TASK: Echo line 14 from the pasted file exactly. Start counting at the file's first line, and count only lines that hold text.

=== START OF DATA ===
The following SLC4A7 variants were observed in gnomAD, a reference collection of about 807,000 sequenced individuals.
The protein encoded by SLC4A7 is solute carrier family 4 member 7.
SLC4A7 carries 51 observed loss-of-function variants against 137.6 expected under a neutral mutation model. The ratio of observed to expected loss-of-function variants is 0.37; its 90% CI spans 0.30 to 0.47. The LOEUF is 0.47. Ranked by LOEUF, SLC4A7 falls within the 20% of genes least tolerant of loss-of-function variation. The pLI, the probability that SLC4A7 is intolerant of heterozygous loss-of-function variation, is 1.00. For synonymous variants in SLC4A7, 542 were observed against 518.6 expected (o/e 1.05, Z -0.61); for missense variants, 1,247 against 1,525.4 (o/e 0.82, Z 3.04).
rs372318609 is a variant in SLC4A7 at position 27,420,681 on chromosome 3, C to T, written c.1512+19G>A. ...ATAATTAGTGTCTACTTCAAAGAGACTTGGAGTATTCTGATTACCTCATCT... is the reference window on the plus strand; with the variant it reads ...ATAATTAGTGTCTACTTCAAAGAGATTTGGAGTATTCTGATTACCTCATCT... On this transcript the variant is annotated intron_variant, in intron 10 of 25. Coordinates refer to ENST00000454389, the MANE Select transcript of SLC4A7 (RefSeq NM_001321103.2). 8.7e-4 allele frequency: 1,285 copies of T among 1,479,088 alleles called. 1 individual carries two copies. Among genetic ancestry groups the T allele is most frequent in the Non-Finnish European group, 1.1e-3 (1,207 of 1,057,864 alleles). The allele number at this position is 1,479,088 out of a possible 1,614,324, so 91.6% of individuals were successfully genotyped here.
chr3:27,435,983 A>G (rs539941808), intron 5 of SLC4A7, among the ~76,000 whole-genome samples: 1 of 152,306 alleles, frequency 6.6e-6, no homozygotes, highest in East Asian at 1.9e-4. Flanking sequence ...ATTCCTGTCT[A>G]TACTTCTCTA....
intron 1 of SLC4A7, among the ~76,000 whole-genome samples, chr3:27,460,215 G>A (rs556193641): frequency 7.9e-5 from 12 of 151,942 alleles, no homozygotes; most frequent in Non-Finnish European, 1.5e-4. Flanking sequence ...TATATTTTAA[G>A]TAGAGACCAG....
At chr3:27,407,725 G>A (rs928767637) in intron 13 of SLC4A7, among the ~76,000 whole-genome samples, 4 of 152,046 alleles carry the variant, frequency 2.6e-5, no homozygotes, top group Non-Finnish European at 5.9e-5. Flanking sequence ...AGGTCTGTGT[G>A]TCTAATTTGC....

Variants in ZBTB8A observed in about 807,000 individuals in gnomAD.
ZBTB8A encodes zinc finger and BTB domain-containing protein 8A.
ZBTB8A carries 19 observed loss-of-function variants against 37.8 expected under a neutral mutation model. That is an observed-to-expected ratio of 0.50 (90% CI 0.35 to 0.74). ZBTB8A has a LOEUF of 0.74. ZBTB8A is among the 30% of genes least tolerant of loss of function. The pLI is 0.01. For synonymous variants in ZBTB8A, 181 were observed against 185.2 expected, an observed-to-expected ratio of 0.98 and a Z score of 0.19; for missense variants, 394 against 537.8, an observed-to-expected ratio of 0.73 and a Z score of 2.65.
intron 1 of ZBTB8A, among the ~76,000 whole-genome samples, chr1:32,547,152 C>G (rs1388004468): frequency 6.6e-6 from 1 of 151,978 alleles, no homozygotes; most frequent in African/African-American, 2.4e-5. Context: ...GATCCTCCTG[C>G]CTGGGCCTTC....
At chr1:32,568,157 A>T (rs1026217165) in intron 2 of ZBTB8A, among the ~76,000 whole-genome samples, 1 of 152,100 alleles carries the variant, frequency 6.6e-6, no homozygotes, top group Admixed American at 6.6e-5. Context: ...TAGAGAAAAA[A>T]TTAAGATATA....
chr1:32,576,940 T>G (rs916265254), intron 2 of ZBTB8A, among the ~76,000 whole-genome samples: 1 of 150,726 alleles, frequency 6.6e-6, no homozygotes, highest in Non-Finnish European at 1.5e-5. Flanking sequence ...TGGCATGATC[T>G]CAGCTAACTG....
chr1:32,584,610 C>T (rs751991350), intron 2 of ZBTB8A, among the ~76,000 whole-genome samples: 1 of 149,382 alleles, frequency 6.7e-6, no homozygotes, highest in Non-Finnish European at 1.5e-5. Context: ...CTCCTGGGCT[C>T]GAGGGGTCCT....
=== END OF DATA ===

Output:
chr1:32,584,610 C>T (rs751991350), intron 2 of ZBTB8A, among the ~76,000 whole-genome samples: 1 of 149,382 alleles, frequency 6.7e-6, no homozygotes, highest in Non-Finnish European at 1.5e-5. Context: ...CTCCTGGGCT[C>T]GAGGGGTCCT....